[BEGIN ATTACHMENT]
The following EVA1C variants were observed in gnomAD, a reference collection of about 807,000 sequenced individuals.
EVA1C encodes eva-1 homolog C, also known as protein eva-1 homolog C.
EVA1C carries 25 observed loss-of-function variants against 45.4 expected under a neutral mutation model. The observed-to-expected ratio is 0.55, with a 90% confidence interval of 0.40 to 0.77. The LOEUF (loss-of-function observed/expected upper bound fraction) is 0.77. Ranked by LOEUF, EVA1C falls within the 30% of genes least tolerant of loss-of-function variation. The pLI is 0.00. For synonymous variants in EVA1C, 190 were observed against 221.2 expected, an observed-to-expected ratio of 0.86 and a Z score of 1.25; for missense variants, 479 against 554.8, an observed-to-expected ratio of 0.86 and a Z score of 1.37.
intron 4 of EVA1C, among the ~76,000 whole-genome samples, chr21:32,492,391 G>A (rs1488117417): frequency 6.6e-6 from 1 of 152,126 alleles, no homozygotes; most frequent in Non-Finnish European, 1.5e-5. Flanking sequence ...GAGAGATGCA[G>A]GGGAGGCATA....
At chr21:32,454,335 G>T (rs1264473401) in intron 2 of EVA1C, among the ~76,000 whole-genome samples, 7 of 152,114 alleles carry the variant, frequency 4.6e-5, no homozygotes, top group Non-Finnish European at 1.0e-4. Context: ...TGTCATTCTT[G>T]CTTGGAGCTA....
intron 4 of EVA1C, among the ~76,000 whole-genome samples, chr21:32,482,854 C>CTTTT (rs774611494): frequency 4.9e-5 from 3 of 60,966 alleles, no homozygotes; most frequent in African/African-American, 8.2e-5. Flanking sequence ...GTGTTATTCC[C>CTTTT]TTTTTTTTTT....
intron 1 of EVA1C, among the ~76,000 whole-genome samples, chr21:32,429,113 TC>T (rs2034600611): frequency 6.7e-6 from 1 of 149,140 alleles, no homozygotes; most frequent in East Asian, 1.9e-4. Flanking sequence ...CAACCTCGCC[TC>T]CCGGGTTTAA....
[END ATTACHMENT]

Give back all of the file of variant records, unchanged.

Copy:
The following EVA1C variants were observed in gnomAD, a reference collection of about 807,000 sequenced individuals.
EVA1C encodes eva-1 homolog C, also known as protein eva-1 homolog C.
EVA1C carries 25 observed loss-of-function variants against 45.4 expected under a neutral mutation model. The observed-to-expected ratio is 0.55, with a 90% confidence interval of 0.40 to 0.77. The LOEUF (loss-of-function observed/expected upper bound fraction) is 0.77. Ranked by LOEUF, EVA1C falls within the 30% of genes least tolerant of loss-of-function variation. The pLI is 0.00. For synonymous variants in EVA1C, 190 were observed against 221.2 expected, an observed-to-expected ratio of 0.86 and a Z score of 1.25; for missense variants, 479 against 554.8, an observed-to-expected ratio of 0.86 and a Z score of 1.37.
intron 4 of EVA1C, among the ~76,000 whole-genome samples, chr21:32,492,391 G>A (rs1488117417): frequency 6.6e-6 from 1 of 152,126 alleles, no homozygotes; most frequent in Non-Finnish European, 1.5e-5. Flanking sequence ...GAGAGATGCA[G>A]GGGAGGCATA....
At chr21:32,454,335 G>T (rs1264473401) in intron 2 of EVA1C, among the ~76,000 whole-genome samples, 7 of 152,114 alleles carry the variant, frequency 4.6e-5, no homozygotes, top group Non-Finnish European at 1.0e-4. Context: ...TGTCATTCTT[G>T]CTTGGAGCTA....
intron 4 of EVA1C, among the ~76,000 whole-genome samples, chr21:32,482,854 C>CTTTT (rs774611494): frequency 4.9e-5 from 3 of 60,966 alleles, no homozygotes; most frequent in African/African-American, 8.2e-5. Flanking sequence ...GTGTTATTCC[C>CTTTT]TTTTTTTTTT....
intron 1 of EVA1C, among the ~76,000 whole-genome samples, chr21:32,429,113 TC>T (rs2034600611): frequency 6.7e-6 from 1 of 149,140 alleles, no homozygotes; most frequent in East Asian, 1.9e-4. Flanking sequence ...CAACCTCGCC[TC>T]CCGGGTTTAA....